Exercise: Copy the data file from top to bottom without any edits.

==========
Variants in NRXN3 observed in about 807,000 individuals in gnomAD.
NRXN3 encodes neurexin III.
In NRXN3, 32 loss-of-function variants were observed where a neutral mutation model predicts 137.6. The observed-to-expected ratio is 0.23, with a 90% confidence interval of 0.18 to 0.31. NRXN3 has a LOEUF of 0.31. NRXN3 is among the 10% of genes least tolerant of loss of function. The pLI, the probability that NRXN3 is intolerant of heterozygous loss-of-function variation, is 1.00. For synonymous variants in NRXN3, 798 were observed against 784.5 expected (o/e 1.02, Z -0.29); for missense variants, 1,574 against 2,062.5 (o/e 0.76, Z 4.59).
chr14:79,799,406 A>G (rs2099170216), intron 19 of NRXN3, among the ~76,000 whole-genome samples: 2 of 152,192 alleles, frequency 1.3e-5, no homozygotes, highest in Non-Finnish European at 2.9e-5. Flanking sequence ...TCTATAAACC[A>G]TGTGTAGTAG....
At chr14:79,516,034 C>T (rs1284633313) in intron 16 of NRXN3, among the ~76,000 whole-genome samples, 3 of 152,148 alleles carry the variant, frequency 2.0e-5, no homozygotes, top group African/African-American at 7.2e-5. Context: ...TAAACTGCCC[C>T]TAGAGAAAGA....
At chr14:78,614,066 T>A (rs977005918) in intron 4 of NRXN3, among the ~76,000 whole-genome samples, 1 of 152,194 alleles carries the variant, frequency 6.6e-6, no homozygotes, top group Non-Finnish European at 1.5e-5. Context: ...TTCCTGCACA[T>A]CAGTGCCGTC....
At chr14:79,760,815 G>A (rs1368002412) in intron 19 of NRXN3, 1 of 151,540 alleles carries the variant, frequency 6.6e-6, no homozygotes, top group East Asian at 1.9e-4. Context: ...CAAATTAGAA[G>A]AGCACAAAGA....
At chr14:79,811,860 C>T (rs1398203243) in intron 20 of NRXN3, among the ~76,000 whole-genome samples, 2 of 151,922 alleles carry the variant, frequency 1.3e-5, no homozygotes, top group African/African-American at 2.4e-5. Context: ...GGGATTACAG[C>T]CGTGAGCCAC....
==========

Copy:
Variants in NRXN3 observed in about 807,000 individuals in gnomAD.
NRXN3 encodes neurexin III.
In NRXN3, 32 loss-of-function variants were observed where a neutral mutation model predicts 137.6. The observed-to-expected ratio is 0.23, with a 90% confidence interval of 0.18 to 0.31. NRXN3 has a LOEUF of 0.31. NRXN3 is among the 10% of genes least tolerant of loss of function. The pLI, the probability that NRXN3 is intolerant of heterozygous loss-of-function variation, is 1.00. For synonymous variants in NRXN3, 798 were observed against 784.5 expected (o/e 1.02, Z -0.29); for missense variants, 1,574 against 2,062.5 (o/e 0.76, Z 4.59).
chr14:79,799,406 A>G (rs2099170216), intron 19 of NRXN3, among the ~76,000 whole-genome samples: 2 of 152,192 alleles, frequency 1.3e-5, no homozygotes, highest in Non-Finnish European at 2.9e-5. Flanking sequence ...TCTATAAACC[A>G]TGTGTAGTAG....
At chr14:79,516,034 C>T (rs1284633313) in intron 16 of NRXN3, among the ~76,000 whole-genome samples, 3 of 152,148 alleles carry the variant, frequency 2.0e-5, no homozygotes, top group African/African-American at 7.2e-5. Context: ...TAAACTGCCC[C>T]TAGAGAAAGA....
At chr14:78,614,066 T>A (rs977005918) in intron 4 of NRXN3, among the ~76,000 whole-genome samples, 1 of 152,194 alleles carries the variant, frequency 6.6e-6, no homozygotes, top group Non-Finnish European at 1.5e-5. Context: ...TTCCTGCACA[T>A]CAGTGCCGTC....
At chr14:79,760,815 G>A (rs1368002412) in intron 19 of NRXN3, 1 of 151,540 alleles carries the variant, frequency 6.6e-6, no homozygotes, top group East Asian at 1.9e-4. Context: ...CAAATTAGAA[G>A]AGCACAAAGA....
At chr14:79,811,860 C>T (rs1398203243) in intron 20 of NRXN3, among the ~76,000 whole-genome samples, 2 of 151,922 alleles carry the variant, frequency 1.3e-5, no homozygotes, top group African/African-American at 2.4e-5. Context: ...GGGATTACAG[C>T]CGTGAGCCAC....